Lively, entertaining reviews of, and essays on, old and newer films and everything relating to them, written by professional author William Schoell.

Thursday, July 16, 2015


Steven Burton (Gary Conway) vs a giant gopher
LAND OF THE GIANTS Season One (1968). 26 hour-long color episodes. Produced by Irwin Allen.

In the future a spacecraft [these have replaced airliners] called Spindrift bursts through some sort of warp and winds up landing on a planet where everything -- people and animals alike -- are of gigantic stature. The country they landed in also happens to be in a totalitarian state; the government has encountered "little people" before and wants to capture them as spies. The giants also are afraid of Earth's technological superiority. The earthlings forge some alliances, mostly with those who hate the oppressive regime, and try to survive against attacks of both humans and beasts, snares of anxious hunters, as well as assorted plans to trap and cage them. Gary Conway [Burke's Law] stars as Captain Steve Burton and Kurt Kasznar is Fitzhugh, who has a suitcase full of money with him [although this sub-plot is eventually dropped] and is a good guy or a bad one depending on the requirements of the storyline.

Land of the Giants seems to have been formulated strictly as a fairly mindless kiddie show. During the entire first season not one of the stranded humans ever talks about their life or loved ones back on earth, nor expresses anything more than a momentary irksomeness instead of abject horror and despair. While it is hardly classic television, there were some superior episodes, especially the exciting pilot. Other notable episodes include "Ghost Town," in which the little gang are trapped in a toy-size town presided over by Percy Helton and his mean, obnoxious granddaughter; "Manhunt" a suspenseful piece in which a convict runs off with the Spindrift and winds up trapped in quicksand; "The Creed," in which a giant doctor helps the gang when Barry (Stefan Arngrim), the little boy in the group, gets appendicitis and needs to be operated on; "Weird World," in which Glenn Corbett plays a major who's been stranded on the planet for years and warns of a hideous trap inside a tunnel [Fitzhugh is so odious in this episode that it might have been meant for earlier broadcast]; "The Lost Ones," another suspenseful story with Zalman King as an earthling leader of some motorcycle punks who also crash-landed on the planet; and "Brainwash," with Warren Stevens, in a story of a normal-sized communications center found inside of a drain pipe. Also, "Deadly Lodestone," which introduces Kevin Hagen as Inspector Kobick; and "Rescue," in which the little people help out when two giant children are trapped in a deep well, and which has especially good sets, props and convincing special effects. Besides the pilot, the best episode is probably "Target: Earth," in which Arthur Franz [who had starred in World of Giants] plays a scientist with a Lady Macbeth-type wife who hopes to make a deal with the earthlings so they can help him with his space travel research.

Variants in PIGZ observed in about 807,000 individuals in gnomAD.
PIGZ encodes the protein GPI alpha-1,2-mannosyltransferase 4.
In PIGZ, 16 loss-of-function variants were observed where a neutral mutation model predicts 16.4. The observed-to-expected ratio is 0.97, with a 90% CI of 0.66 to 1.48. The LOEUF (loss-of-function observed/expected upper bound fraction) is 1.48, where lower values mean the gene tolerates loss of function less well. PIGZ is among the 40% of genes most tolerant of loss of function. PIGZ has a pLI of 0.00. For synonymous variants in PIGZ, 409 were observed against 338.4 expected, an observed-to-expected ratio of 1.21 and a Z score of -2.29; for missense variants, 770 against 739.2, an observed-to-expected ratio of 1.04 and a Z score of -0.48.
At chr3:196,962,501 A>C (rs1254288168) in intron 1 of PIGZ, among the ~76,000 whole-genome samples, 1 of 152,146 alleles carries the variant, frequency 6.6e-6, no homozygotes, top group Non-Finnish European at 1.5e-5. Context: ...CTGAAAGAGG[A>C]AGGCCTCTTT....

John Williams contributed a fairly catchy theme, although the rest of the music for the series wasn't very helpful. Neither was the often slow direction of many episodes, almost as if a half hour's worth of story was padded out to an hour. Other regular cast members include Don Matheson [passenger], Don Marshall [co-pilot], Deanna Lund [passenger], and Heather Young [stewardess], all of whom are more than adequate. The show returned for a second season.

Verdict: Taken with a large grain of salt, this has an intriguing premise and moderate entertainment value. **1/2.

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